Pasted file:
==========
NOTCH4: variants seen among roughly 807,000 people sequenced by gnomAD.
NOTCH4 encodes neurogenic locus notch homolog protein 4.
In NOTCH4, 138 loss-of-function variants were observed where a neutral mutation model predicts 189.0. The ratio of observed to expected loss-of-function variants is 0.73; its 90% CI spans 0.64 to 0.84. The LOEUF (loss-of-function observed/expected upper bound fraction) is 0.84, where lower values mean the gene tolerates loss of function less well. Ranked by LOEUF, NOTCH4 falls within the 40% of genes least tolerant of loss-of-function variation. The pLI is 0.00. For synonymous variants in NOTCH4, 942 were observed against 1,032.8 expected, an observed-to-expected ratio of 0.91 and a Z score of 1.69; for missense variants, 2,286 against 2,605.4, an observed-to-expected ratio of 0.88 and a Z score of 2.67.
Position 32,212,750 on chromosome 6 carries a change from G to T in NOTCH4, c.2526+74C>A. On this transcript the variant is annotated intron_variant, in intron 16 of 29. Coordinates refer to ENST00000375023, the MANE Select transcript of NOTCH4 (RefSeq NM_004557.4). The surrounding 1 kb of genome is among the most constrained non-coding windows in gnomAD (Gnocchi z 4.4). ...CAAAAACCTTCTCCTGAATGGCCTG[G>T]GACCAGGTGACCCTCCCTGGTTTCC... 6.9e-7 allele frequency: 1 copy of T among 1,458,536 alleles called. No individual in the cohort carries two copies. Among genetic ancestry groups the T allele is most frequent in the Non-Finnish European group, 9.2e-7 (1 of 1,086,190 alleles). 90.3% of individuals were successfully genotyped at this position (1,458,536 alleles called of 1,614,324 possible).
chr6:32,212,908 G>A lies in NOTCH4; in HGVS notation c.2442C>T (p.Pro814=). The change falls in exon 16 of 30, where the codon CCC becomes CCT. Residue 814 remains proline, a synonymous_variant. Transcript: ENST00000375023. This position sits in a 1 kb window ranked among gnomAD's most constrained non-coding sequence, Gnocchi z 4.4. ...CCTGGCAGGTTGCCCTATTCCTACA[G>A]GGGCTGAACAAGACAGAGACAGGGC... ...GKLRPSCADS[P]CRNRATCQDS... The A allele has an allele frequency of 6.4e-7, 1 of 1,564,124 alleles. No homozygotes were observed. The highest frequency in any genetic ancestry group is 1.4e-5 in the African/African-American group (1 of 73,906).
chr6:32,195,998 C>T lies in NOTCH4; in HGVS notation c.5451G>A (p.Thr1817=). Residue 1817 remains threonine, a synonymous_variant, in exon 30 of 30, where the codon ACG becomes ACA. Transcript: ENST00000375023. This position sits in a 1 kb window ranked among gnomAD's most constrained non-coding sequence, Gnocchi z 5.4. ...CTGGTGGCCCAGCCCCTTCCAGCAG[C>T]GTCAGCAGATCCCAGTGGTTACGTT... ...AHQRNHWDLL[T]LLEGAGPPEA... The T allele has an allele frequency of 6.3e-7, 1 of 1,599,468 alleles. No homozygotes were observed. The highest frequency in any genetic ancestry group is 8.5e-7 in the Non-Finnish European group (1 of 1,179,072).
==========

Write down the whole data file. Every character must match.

NOTCH4: variants seen among roughly 807,000 people sequenced by gnomAD.
NOTCH4 encodes neurogenic locus notch homolog protein 4.
In NOTCH4, 138 loss-of-function variants were observed where a neutral mutation model predicts 189.0. The ratio of observed to expected loss-of-function variants is 0.73; its 90% CI spans 0.64 to 0.84. The LOEUF (loss-of-function observed/expected upper bound fraction) is 0.84, where lower values mean the gene tolerates loss of function less well. Ranked by LOEUF, NOTCH4 falls within the 40% of genes least tolerant of loss-of-function variation. The pLI is 0.00. For synonymous variants in NOTCH4, 942 were observed against 1,032.8 expected, an observed-to-expected ratio of 0.91 and a Z score of 1.69; for missense variants, 2,286 against 2,605.4, an observed-to-expected ratio of 0.88 and a Z score of 2.67.
Position 32,212,750 on chromosome 6 carries a change from G to T in NOTCH4, c.2526+74C>A. On this transcript the variant is annotated intron_variant, in intron 16 of 29. Coordinates refer to ENST00000375023, the MANE Select transcript of NOTCH4 (RefSeq NM_004557.4). The surrounding 1 kb of genome is among the most constrained non-coding windows in gnomAD (Gnocchi z 4.4). ...CAAAAACCTTCTCCTGAATGGCCTG[G>T]GACCAGGTGACCCTCCCTGGTTTCC... 6.9e-7 allele frequency: 1 copy of T among 1,458,536 alleles called. No individual in the cohort carries two copies. Among genetic ancestry groups the T allele is most frequent in the Non-Finnish European group, 9.2e-7 (1 of 1,086,190 alleles). 90.3% of individuals were successfully genotyped at this position (1,458,536 alleles called of 1,614,324 possible).
chr6:32,212,908 G>A lies in NOTCH4; in HGVS notation c.2442C>T (p.Pro814=). The change falls in exon 16 of 30, where the codon CCC becomes CCT. Residue 814 remains proline, a synonymous_variant. Transcript: ENST00000375023. This position sits in a 1 kb window ranked among gnomAD's most constrained non-coding sequence, Gnocchi z 4.4. ...CCTGGCAGGTTGCCCTATTCCTACA[G>A]GGGCTGAACAAGACAGAGACAGGGC... ...GKLRPSCADS[P]CRNRATCQDS... The A allele has an allele frequency of 6.4e-7, 1 of 1,564,124 alleles. No homozygotes were observed. The highest frequency in any genetic ancestry group is 1.4e-5 in the African/African-American group (1 of 73,906).
chr6:32,195,998 C>T lies in NOTCH4; in HGVS notation c.5451G>A (p.Thr1817=). Residue 1817 remains threonine, a synonymous_variant, in exon 30 of 30, where the codon ACG becomes ACA. Transcript: ENST00000375023. This position sits in a 1 kb window ranked among gnomAD's most constrained non-coding sequence, Gnocchi z 5.4. ...CTGGTGGCCCAGCCCCTTCCAGCAG[C>T]GTCAGCAGATCCCAGTGGTTACGTT... ...AHQRNHWDLL[T]LLEGAGPPEA... The T allele has an allele frequency of 6.3e-7, 1 of 1,599,468 alleles. No homozygotes were observed. The highest frequency in any genetic ancestry group is 8.5e-7 in the Non-Finnish European group (1 of 1,179,072).